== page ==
John Curtas is …

BAR MASA – The Best….Period.

ELV note: This is the same review which appears midway through the Las Vegas Weekly article posted below. We thought we’d make it a little easier to read by giving it its own space. Kanpai!

Masa Takayama and Drew Terp

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Masa Takayama and Drew Terp

It is simply the most extraordinary Japanese food Las Vegas has ever witnessed. From the pristine quality to the precise presentations, Bar Masa is a restaurant no Japanese food aficionado can afford to miss.



It is not, however, what many would consider affordable. If you are a bargain-basement, all-you-can-eat, fried-fake-crab-with-hot-mayonnaise lover of screaming orgasm rolls, you had best stay away. For this is a restaurant where you truly get what you pay for, and what you pay for is the best fish, and the most artful platings this side of Tokyo.


The conceit here is sashimi priced by the piece – about $6/slice for fantastic fluke, $16 for three pieces of superior Spanish mackerel, or $24 for fatty deep sea red snapper – almost all of it coming from the Sea of Japan and all of it geared to please the most persnickety pisces lovers on the planet. This makes Bar Masa at least twice as pricey as even most premium Japanese joints, and when you factor in $24 orders of fried rice and $18 wasabicress and chikuwa salads, the tariff gets stratospheric quickly.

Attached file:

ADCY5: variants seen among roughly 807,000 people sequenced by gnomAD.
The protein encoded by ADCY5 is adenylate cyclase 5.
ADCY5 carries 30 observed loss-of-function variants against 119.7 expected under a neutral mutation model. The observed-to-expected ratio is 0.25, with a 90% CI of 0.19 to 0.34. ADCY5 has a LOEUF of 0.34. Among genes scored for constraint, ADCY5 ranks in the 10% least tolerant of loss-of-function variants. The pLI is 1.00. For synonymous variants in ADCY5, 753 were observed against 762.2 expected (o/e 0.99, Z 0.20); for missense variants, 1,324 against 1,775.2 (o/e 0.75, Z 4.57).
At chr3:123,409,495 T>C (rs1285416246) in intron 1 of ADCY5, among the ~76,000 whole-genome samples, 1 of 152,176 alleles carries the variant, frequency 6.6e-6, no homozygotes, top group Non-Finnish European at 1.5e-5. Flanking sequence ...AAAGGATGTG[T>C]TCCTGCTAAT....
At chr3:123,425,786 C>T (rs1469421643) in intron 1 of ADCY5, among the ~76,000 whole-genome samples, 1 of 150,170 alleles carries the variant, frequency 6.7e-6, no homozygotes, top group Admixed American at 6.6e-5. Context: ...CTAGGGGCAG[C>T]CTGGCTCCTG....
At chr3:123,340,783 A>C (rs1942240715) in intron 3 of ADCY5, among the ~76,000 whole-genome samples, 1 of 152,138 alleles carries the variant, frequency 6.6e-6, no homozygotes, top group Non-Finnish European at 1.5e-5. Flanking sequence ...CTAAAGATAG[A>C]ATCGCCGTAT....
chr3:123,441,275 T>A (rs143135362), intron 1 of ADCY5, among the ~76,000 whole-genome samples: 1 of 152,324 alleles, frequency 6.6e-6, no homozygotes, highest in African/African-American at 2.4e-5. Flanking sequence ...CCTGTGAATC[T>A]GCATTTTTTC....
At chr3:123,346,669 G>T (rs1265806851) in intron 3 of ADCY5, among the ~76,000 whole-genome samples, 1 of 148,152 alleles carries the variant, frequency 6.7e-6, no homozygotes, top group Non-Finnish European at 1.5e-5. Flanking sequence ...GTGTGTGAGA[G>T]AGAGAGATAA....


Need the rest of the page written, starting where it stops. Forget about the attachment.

Is it worth it? Yes if you want to taste the most exquisite, melt-in-your-mouth spear squid (yari ika) on earth, or if you love tiny, tender, rotund sizzling octopus in butter, or the umami-bomb that is the uni risotto. A whitefish sampling tastes beyond fresh, with each species (fluke, sea-bream, and needlefish) sliced to demonstrate its distinct musculature — a revelation in six small bites. Equally astounding are small clams in a clear broth — each sip taking you straight to a cold seashore, with the warm brininess of the clams standing out against the smell of an ocean breeze.
This fish is so good you’ll be tempted to order nothing but; but that would be a big mistake. Equally chopstick-dropping are such savories as fried garlic chicken karraage (a mound of succulent dark meat nuggets) that is simply addictive, and Kobe (Australian Wagyu) skewers with yuzu spice that practically melt in your mouth. And if you don’t mind dropping $68, the toro tartare (toro akami tuna scraped from the sinew and mixed with toro fat, then topped with California caviar) might be the best four bites of any tartare you will ever have in your life. Call it freshness (that old cliche), or vibrancy, but each and every dish has a certain snap to it, combined with almost unfathomable delicacy. There are contrasts in tastes and textures, plus a depth of flavor in everything from the perfectly seasoned rice to the delicate foams, sauces and accents accompanying the dishes that beckon and intrigue with every bite. It is impossible not to be stunned by the interplay of these sensations — which is probably the exact response Masa Takayama is looking to elicit from his customers.
It is true that the inscrutable nature of Japanese food is often lost on the western palate. Japanese food can have a subtlety to it that borders on the invisible, but if you’re looking to raise your Japanese eating game, and have the money to invest, this is one of only a handful of places in the United States where you can do so.

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